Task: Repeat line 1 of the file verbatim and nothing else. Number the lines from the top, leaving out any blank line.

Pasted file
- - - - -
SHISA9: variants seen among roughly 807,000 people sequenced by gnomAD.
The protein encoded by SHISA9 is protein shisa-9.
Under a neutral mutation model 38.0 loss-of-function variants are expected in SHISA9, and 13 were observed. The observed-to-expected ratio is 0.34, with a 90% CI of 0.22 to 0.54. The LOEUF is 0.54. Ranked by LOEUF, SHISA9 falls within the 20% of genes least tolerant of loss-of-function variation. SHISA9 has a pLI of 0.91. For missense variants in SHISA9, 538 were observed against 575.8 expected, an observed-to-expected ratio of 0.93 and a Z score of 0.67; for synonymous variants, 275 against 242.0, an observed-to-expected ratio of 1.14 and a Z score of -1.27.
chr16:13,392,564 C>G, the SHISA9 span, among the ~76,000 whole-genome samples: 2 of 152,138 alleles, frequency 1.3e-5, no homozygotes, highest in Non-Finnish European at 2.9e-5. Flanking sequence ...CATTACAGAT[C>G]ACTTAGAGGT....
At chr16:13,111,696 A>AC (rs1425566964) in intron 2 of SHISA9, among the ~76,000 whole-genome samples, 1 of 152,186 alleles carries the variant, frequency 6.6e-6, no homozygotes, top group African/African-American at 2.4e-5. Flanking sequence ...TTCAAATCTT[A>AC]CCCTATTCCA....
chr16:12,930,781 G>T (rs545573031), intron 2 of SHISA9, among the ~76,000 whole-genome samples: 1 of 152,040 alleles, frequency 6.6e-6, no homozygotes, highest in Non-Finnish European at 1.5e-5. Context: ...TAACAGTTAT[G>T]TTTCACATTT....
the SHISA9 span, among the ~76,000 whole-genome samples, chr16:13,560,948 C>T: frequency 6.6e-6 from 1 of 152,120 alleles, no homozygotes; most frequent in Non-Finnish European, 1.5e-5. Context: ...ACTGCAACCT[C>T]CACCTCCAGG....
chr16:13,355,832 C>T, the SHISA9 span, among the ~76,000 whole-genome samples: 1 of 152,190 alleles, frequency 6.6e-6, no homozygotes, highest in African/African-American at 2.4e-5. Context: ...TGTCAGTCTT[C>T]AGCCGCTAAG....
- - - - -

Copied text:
SHISA9: variants seen among roughly 807,000 people sequenced by gnomAD.